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I take it you mean GNOME, not genome. You can not say which one is better, only which one you prefer. KDE is certainly much heavier (and bloated) which makes many newer users think it is better. GNOME is not exactly lightweight either though. And sure you can install both. Just install them. Your login manager will then give you a choice of which DE you wish to load when you try to log in. You've not mentioned anything baout what system you are running though, so we can't be more specific.
When I first began using linux it used a console (no graphics) and was much faster than any screen software application. When I added KDE it had been around and modified to a usable state. With faster computers it was possible to enhance the functionality even more than before. My latest choice for OS is Ubuntu (formerly a RedHat user) Ubuntu's default is Gnome, and I have learned to like it. I especially like the fact that it can run KDE applications so I don't lose anything. I used to run KDE and switch to Gnome to run Gnome apps, but now I just run Gnome and choose the best of both worlds. If only Windows apps would run as well under Linux as Linux apps, then I wouldn't need anything else. I have a very nice RAD tool for Windows that I can't port to Linux (Clarion 4) but would like to be able to use. Clarion after 4 became too bulky and expensive to run on my systems. (They increased functionality and license fees when Topspeed bought the company)
Today I prefer Gnome, but I'm not opposed to looking at what my future choice may become.
I especially like the fact that it [gnome] can run KDE applications so I don't lose anything. I used to run KDE and switch to Gnome to run Gnome apps, but now I just run Gnome and choose the best of both worlds.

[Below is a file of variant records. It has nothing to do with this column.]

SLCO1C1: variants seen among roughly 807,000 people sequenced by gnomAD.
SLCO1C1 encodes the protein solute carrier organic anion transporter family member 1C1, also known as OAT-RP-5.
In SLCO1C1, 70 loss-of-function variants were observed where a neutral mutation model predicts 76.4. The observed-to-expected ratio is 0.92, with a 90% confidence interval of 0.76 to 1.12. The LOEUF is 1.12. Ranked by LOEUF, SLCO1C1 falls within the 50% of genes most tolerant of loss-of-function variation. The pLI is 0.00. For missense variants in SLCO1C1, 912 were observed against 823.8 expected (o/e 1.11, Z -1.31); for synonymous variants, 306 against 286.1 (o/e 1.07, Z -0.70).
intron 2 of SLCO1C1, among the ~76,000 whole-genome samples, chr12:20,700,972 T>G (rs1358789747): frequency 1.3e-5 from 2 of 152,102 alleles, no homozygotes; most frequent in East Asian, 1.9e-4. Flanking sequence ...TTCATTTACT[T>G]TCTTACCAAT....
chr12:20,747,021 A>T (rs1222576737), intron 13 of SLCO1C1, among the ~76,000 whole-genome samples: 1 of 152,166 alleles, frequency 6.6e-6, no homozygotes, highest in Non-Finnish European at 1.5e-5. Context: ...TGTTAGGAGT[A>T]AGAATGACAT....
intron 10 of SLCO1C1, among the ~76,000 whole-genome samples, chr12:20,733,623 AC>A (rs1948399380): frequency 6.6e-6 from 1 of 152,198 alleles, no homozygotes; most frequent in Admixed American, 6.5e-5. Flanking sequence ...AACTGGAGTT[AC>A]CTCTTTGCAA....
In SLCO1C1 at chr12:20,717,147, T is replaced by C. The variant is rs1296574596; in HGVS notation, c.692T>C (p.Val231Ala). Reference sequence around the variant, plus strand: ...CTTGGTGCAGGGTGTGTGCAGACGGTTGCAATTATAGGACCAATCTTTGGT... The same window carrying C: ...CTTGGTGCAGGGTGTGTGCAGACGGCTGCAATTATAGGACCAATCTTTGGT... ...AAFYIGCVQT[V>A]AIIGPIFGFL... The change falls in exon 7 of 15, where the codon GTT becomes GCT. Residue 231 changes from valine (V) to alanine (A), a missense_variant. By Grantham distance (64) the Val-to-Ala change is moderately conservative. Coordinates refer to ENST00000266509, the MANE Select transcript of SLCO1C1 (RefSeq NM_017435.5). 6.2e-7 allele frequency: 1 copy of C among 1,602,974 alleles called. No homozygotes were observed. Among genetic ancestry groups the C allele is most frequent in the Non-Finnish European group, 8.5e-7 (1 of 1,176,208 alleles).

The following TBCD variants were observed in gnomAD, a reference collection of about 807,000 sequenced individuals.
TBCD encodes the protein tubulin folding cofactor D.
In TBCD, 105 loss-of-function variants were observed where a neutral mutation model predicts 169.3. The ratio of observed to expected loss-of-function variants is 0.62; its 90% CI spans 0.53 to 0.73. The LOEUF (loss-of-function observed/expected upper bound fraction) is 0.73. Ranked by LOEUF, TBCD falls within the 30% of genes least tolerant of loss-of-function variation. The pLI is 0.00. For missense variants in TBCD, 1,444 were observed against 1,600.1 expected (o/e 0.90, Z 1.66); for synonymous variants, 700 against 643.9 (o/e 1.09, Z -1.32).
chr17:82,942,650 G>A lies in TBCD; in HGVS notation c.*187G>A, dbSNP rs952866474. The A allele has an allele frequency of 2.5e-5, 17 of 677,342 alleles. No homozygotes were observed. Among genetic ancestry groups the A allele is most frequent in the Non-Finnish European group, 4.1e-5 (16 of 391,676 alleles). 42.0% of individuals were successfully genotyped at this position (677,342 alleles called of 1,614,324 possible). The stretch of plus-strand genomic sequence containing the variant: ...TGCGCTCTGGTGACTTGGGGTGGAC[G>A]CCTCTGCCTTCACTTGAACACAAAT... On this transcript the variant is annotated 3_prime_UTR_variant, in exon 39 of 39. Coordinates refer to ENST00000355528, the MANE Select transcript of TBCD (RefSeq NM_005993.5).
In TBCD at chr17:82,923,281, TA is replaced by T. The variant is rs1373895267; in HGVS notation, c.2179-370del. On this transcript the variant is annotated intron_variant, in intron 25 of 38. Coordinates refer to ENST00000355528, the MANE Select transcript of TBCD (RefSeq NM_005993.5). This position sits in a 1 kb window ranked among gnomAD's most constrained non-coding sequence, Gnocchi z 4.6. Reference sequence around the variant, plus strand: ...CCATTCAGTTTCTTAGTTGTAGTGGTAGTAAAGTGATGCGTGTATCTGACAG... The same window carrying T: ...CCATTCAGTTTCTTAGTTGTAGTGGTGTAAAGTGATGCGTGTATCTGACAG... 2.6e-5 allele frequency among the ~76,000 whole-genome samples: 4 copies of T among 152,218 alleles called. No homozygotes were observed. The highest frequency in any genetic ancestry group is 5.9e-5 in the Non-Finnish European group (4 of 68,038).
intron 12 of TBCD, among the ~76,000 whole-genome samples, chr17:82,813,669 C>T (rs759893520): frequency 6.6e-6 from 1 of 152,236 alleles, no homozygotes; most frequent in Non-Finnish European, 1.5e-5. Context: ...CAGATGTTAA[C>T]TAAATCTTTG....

Actually KDE can run "gnome-applications" just as easily (well KDE does not run them really, but you get the point -- an app is run, and there's the DE around). The point is not "KDE/Gnome apps", but rather what was used to build them (the user interface). By "KDE apps" you probably refer to apps created using Qt, and "Gnome apps" would mean GTK+. If you have the appropriate libraries installed, you can run GTK-apps on a "Qt-based" desktiop environment and vice versa. Actually you can run both even if you used some tiny window manager that had little or nothing to do with Qt/GTK The outlooks then depend on the environment and settings (for example do Qt-apps look the same as on KDE or not), but the programs themselves don't care much about the desktop environment they are running in, except if the programmer explicitly would want to mess with that.
Windows apps would run under some circumstances (say using Wine), but surely not as well as the best native apps.
In short, pick your apple or orange, consume it and live happily until the next release.